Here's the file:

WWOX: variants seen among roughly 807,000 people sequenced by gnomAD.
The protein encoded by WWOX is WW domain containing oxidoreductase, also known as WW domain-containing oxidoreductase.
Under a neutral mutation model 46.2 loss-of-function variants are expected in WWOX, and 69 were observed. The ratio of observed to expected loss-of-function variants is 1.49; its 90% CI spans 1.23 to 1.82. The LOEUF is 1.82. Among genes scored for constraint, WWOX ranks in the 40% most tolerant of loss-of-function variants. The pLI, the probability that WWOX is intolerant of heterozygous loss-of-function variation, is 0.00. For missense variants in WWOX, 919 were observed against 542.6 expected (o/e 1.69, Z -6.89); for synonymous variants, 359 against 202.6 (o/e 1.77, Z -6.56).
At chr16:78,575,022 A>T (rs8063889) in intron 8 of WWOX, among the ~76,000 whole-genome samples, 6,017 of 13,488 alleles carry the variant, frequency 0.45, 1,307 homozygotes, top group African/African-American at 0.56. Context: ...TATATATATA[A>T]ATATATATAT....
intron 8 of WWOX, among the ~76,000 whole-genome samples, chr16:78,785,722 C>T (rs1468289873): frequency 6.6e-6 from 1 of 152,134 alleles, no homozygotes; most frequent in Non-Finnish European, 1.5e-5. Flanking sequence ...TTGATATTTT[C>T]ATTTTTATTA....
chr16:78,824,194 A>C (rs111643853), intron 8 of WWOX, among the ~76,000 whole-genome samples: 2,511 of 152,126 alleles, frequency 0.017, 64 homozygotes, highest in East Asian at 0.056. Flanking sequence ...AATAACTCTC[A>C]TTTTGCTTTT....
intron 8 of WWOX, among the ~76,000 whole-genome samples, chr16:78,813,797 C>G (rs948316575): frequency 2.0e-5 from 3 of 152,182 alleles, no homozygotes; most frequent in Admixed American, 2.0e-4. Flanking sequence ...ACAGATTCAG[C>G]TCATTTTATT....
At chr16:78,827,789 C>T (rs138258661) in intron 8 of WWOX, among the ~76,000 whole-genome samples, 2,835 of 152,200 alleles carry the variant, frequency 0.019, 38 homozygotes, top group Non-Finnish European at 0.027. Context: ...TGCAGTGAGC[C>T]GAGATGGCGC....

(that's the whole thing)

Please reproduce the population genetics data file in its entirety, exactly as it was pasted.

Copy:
WWOX: variants seen among roughly 807,000 people sequenced by gnomAD.
The protein encoded by WWOX is WW domain containing oxidoreductase, also known as WW domain-containing oxidoreductase.
Under a neutral mutation model 46.2 loss-of-function variants are expected in WWOX, and 69 were observed. The ratio of observed to expected loss-of-function variants is 1.49; its 90% CI spans 1.23 to 1.82. The LOEUF is 1.82. Among genes scored for constraint, WWOX ranks in the 40% most tolerant of loss-of-function variants. The pLI, the probability that WWOX is intolerant of heterozygous loss-of-function variation, is 0.00. For missense variants in WWOX, 919 were observed against 542.6 expected (o/e 1.69, Z -6.89); for synonymous variants, 359 against 202.6 (o/e 1.77, Z -6.56).
At chr16:78,575,022 A>T (rs8063889) in intron 8 of WWOX, among the ~76,000 whole-genome samples, 6,017 of 13,488 alleles carry the variant, frequency 0.45, 1,307 homozygotes, top group African/African-American at 0.56. Context: ...TATATATATA[A>T]ATATATATAT....
intron 8 of WWOX, among the ~76,000 whole-genome samples, chr16:78,785,722 C>T (rs1468289873): frequency 6.6e-6 from 1 of 152,134 alleles, no homozygotes; most frequent in Non-Finnish European, 1.5e-5. Flanking sequence ...TTGATATTTT[C>T]ATTTTTATTA....
chr16:78,824,194 A>C (rs111643853), intron 8 of WWOX, among the ~76,000 whole-genome samples: 2,511 of 152,126 alleles, frequency 0.017, 64 homozygotes, highest in East Asian at 0.056. Flanking sequence ...AATAACTCTC[A>C]TTTTGCTTTT....
intron 8 of WWOX, among the ~76,000 whole-genome samples, chr16:78,813,797 C>G (rs948316575): frequency 2.0e-5 from 3 of 152,182 alleles, no homozygotes; most frequent in Admixed American, 2.0e-4. Flanking sequence ...ACAGATTCAG[C>G]TCATTTTATT....
At chr16:78,827,789 C>T (rs138258661) in intron 8 of WWOX, among the ~76,000 whole-genome samples, 2,835 of 152,200 alleles carry the variant, frequency 0.019, 38 homozygotes, top group Non-Finnish European at 0.027. Context: ...TGCAGTGAGC[C>T]GAGATGGCGC....